My childhood memories used to sit at the forefront of my brain, jumping up and down calling out, ‘Me first, me first,’ whenever they saw the blank page. Every time I sat to write, that’s what came out. It doesn’t anymore. The memories seem to have moved from that centre-front position and settled into a row at the back. A lot of the rawness has dissipated and with that has come an emotional distance. The young Louise has said all that she wants to say for the moment …
4. How does my writing process work?
Very chaotically. It comes when it comes. I write most days and I’m writing more than I ever have. But what comes up on any particular day depends on what else is going on in my life—with the kids; if a blog post is due; if I’m at a tricky point in the novel; if I’m having a bad day. Sometimes I plan to work on a particular thing but on the day something else wants to be written, so I write that instead. I’d like to be able to plan and be more organised but then I think the writing might lose something, some of its energy perhaps …
Writing this novel has been like trekking through virgin bush with no track or map, at night without a torch. Initially, I wrote a plan as I like to be able to see where I’m going. I soon deviated from that, so I revised it, only to branch off again. I’ve experimented a lot—letting a scene unfold in a certain way, then another. Or allowing a character to react one way, then differently. I wrote it all down in notebooks and they show the evolution of my novel: when and how a particular idea first came, like a good sentence, or a concept, or at times a whole scene; when I felt stuck and experimented with scenarios; and when I found a solution and circled it with a big ‘YES!’ next to it.
This novel is not autobiographical but there’s much more of me in it than I ever realised at the time of writing. There’s probably much more than I realise even now. In writing it, I really tried to go where the writing took me, trusting that my subconscious self knew more about the story than my conscious self did.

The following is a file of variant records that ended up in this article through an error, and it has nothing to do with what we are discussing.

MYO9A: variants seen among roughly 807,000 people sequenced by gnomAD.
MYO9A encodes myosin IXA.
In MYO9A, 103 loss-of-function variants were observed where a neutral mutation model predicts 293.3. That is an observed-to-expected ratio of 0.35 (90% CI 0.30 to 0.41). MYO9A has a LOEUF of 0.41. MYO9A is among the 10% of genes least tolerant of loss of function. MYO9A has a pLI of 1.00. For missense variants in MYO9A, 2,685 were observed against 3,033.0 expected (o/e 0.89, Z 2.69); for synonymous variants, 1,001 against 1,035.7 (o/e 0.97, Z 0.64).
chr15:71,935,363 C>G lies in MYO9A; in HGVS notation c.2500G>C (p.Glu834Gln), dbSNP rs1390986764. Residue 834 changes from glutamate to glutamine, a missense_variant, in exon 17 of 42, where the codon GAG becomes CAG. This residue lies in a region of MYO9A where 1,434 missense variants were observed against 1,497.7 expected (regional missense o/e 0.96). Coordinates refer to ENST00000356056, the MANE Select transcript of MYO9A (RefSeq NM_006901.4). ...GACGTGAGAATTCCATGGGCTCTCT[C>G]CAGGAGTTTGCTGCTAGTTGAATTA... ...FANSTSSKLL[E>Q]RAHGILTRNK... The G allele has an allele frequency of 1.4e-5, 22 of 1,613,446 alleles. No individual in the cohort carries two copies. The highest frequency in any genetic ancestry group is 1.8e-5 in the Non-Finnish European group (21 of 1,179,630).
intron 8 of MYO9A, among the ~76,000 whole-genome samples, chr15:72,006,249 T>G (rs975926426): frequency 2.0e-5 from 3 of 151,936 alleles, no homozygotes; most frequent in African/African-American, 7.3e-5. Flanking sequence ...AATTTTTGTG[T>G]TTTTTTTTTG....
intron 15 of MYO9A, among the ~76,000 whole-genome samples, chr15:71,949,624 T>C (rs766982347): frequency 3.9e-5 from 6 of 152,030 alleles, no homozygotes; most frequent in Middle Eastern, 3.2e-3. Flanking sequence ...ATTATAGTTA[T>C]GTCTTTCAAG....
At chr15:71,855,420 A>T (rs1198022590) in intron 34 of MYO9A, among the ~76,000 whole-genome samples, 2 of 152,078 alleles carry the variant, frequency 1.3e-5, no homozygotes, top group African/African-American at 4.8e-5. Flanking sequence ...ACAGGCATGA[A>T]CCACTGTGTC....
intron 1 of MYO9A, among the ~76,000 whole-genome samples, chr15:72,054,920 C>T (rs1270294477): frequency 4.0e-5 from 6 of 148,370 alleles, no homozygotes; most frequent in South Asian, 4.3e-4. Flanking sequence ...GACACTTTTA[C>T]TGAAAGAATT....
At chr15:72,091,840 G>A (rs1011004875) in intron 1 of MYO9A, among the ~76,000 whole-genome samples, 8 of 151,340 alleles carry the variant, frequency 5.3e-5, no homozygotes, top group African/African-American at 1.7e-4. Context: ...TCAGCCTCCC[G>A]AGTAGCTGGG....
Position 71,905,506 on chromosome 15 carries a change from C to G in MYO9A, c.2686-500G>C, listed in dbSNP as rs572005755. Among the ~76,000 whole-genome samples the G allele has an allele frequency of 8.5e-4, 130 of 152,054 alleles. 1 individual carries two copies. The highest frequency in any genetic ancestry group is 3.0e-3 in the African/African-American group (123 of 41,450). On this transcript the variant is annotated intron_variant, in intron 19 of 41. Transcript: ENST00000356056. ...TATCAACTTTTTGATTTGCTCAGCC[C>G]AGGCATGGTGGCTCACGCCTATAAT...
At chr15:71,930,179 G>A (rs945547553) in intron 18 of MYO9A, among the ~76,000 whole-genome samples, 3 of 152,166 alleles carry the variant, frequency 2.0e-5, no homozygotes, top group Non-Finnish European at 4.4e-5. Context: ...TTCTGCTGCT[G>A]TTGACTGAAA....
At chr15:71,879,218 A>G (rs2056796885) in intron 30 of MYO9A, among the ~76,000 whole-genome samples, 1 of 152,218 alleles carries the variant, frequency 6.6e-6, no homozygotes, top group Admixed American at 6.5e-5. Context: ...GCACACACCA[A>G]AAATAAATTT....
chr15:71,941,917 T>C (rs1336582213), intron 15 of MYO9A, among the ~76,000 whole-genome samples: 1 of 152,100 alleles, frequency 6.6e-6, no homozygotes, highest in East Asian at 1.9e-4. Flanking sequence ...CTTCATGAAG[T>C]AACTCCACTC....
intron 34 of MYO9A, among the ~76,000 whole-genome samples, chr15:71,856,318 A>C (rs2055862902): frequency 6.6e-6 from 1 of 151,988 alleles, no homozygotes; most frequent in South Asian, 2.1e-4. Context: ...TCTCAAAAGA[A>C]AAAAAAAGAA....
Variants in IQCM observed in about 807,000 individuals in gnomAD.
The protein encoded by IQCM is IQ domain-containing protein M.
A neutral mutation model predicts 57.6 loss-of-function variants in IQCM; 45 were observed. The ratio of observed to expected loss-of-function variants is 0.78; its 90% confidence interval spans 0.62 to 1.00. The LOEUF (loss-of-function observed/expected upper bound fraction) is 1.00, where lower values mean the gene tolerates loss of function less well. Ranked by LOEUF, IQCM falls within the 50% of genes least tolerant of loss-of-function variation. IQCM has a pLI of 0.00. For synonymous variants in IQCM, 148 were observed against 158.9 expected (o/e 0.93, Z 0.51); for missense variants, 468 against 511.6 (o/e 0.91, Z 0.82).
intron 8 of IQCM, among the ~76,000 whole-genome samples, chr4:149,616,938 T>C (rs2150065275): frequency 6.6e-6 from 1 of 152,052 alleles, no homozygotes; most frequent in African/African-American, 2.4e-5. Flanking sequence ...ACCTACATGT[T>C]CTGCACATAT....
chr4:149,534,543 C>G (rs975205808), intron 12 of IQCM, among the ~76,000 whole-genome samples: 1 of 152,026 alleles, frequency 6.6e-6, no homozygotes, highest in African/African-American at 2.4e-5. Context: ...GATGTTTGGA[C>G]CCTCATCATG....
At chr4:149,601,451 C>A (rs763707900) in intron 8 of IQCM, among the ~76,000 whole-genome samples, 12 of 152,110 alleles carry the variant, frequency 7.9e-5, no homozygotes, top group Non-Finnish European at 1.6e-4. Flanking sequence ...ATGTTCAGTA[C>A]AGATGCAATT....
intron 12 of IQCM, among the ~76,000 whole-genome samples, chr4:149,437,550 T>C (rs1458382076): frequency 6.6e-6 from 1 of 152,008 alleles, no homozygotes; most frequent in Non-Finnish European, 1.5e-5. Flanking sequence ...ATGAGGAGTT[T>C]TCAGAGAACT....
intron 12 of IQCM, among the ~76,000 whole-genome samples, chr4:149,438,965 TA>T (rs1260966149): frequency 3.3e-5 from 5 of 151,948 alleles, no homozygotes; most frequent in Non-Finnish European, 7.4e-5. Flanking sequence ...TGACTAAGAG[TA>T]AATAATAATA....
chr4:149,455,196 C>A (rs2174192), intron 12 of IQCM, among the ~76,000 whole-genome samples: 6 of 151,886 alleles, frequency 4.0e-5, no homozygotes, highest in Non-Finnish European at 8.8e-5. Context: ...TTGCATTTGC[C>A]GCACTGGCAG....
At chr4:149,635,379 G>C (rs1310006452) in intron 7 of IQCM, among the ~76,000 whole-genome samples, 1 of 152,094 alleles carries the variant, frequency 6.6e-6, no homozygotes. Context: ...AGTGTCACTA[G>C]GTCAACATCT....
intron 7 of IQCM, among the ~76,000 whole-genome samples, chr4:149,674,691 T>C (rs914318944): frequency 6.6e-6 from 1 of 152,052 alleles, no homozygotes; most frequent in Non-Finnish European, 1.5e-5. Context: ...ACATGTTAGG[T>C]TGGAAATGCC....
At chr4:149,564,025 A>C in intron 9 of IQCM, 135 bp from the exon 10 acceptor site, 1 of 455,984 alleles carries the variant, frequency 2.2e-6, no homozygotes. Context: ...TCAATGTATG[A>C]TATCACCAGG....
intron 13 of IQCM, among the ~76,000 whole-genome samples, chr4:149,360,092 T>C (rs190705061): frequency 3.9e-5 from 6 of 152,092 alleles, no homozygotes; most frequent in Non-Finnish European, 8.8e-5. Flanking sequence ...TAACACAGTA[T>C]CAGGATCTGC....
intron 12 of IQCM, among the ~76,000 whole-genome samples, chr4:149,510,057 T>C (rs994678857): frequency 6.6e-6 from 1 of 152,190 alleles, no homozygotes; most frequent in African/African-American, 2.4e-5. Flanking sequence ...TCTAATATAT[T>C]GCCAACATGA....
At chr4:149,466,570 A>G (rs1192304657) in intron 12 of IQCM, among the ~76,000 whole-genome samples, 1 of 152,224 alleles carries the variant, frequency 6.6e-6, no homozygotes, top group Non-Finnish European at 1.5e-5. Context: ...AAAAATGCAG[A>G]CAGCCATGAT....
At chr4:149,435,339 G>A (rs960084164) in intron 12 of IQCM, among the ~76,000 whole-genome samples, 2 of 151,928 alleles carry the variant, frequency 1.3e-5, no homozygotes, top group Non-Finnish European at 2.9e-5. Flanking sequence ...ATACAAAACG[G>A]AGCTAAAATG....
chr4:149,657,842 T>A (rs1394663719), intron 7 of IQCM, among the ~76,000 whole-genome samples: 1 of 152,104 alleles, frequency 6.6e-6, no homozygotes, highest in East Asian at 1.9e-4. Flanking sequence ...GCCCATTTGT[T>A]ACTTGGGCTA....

Fingers crossed it did!
And now for the fun part where I tag two other writers to participate in this blog hop:
Iris Lavell has degrees in English, Psychology, and Theatre and Drama Studies, a teaching qualification, and a Ph.D. in English and Comparative Literature. She has written four one-act plays, which have been produced and performed in Perth, with one travelling to Scotland for the Edinburgh Fringe in 1999. In 2008 she was runner-up in the Short Story section of the Trudy Graham Literary Award and her stories have been published in the anthologies, Thirst and An Alphabetic Amulet. As an actor, she performed in more than forty plays through Kaff Theatre, the Collective Unconscious Theatre Company, the Blue Room, and Murdoch University. She has worked for many years as a psychologist, in a range of fields, but most often in the area of vocational rehabilitation for people with disabilities. She published her first novel, Elsewhere in Success, in 2013.
Felicity Young was born in Germany and attended boarding school in the UK while her parents travelled the world with the British army. She thinks the long boring plane trips home played an important part in helping her to develop her creative imagination. Felicity settled with her parents in Western Australia in 1976, became a nurse, married young and had three children. Not surprisingly, it took ten years to complete an Arts degree (English lit) at UWA. In 1990 Felicity and her family moved to a small farm 40 kilometers NE of Perth where she established a Suffolk sheep stud, reared orphan kangaroos and embarked upon a life of crime writing. She has eight published novels, her most recent being ‘The Scent of Murder’, her third book in the Dodi McLelland series.